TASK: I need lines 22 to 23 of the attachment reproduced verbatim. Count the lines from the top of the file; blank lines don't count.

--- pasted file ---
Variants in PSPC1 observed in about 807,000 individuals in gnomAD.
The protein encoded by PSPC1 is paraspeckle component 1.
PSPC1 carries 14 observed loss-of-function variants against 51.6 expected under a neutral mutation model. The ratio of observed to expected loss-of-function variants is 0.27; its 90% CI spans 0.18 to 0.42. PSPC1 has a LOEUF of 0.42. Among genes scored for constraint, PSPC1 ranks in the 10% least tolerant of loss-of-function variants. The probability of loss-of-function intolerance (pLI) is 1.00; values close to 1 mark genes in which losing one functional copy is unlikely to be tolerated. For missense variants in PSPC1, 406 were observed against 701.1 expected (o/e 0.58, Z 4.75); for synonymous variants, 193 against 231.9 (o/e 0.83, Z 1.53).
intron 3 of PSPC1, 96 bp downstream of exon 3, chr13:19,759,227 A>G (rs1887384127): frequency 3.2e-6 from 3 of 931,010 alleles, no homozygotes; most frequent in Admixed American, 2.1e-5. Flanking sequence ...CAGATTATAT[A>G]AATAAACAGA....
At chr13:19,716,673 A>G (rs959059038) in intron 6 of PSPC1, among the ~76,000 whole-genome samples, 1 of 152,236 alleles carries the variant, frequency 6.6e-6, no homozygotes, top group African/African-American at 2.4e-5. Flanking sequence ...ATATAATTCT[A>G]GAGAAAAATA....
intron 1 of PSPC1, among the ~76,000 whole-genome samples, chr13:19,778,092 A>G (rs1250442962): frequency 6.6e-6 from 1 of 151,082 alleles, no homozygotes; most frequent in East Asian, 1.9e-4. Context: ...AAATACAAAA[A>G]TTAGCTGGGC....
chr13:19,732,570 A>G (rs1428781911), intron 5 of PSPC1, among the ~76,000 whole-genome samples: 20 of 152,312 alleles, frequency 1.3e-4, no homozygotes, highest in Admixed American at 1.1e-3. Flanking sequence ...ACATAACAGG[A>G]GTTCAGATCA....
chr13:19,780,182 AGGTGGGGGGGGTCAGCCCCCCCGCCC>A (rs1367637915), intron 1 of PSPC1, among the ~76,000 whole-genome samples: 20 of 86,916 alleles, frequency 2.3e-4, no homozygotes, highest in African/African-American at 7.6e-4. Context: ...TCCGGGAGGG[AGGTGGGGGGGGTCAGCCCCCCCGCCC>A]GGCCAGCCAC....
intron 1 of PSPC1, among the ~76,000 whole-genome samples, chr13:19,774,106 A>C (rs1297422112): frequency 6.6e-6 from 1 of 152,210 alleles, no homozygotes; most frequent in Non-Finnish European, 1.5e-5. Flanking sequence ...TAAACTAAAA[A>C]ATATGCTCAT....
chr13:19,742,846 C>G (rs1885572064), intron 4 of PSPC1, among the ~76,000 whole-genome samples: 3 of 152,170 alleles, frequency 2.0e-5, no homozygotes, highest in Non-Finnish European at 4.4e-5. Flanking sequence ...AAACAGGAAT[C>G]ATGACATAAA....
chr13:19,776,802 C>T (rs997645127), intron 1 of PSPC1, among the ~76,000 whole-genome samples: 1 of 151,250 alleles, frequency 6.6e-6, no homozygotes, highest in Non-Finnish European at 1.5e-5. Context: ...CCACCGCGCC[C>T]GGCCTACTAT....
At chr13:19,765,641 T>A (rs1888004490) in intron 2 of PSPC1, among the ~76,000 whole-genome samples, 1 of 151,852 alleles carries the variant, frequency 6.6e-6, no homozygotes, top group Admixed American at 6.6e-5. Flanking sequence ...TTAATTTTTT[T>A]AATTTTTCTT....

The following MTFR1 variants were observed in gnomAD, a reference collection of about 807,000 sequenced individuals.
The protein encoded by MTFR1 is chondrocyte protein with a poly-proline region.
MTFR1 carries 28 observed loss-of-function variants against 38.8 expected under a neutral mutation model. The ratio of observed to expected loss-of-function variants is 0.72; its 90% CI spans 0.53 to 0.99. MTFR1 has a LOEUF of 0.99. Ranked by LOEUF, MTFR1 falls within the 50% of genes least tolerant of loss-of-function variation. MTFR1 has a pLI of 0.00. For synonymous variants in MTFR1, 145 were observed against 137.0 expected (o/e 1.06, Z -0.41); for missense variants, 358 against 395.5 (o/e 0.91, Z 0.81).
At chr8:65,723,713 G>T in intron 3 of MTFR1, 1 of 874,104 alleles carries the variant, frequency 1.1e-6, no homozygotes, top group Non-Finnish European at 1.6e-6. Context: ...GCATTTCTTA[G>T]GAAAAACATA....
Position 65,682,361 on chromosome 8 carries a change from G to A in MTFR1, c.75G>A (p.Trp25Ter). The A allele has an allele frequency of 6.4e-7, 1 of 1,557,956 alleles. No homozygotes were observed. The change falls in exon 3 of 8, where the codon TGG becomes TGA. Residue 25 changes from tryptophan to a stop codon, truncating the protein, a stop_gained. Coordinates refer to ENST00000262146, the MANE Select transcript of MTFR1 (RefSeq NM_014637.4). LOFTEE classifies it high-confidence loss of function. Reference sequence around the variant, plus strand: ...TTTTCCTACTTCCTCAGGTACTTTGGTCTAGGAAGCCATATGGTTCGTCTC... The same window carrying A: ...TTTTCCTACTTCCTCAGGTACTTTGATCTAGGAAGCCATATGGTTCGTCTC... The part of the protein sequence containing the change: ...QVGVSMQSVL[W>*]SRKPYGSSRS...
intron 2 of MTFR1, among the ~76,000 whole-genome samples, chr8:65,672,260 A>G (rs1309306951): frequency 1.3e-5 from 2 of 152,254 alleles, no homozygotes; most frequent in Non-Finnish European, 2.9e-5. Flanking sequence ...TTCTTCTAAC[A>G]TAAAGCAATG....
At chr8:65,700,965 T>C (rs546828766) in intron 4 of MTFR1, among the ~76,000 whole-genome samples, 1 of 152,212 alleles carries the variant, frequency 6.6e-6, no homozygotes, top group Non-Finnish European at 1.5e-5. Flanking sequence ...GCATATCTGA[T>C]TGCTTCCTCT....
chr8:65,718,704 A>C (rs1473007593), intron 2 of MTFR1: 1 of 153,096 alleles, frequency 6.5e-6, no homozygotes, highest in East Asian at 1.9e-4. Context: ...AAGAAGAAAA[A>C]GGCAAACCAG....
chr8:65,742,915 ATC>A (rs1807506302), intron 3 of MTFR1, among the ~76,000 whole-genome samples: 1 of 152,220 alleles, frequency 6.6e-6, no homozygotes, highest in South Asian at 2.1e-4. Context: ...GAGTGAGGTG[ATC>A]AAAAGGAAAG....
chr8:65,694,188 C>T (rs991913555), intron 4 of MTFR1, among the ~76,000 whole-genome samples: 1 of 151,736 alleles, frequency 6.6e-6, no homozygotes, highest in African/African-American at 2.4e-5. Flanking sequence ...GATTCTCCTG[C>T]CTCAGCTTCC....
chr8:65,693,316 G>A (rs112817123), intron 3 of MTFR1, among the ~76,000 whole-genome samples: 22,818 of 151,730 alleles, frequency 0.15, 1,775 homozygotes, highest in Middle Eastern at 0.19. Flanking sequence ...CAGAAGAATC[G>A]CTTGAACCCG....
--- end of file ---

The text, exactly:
chr8:65,694,188 C>T (rs991913555), intron 4 of MTFR1, among the ~76,000 whole-genome samples: 1 of 151,736 alleles, frequency 6.6e-6, no homozygotes, highest in African/African-American at 2.4e-5. Flanking sequence ...GATTCTCCTG[C>T]CTCAGCTTCC....
chr8:65,693,316 G>A (rs112817123), intron 3 of MTFR1, among the ~76,000 whole-genome samples: 22,818 of 151,730 alleles, frequency 0.15, 1,775 homozygotes, highest in Middle Eastern at 0.19. Flanking sequence ...CAGAAGAATC[G>A]CTTGAACCCG....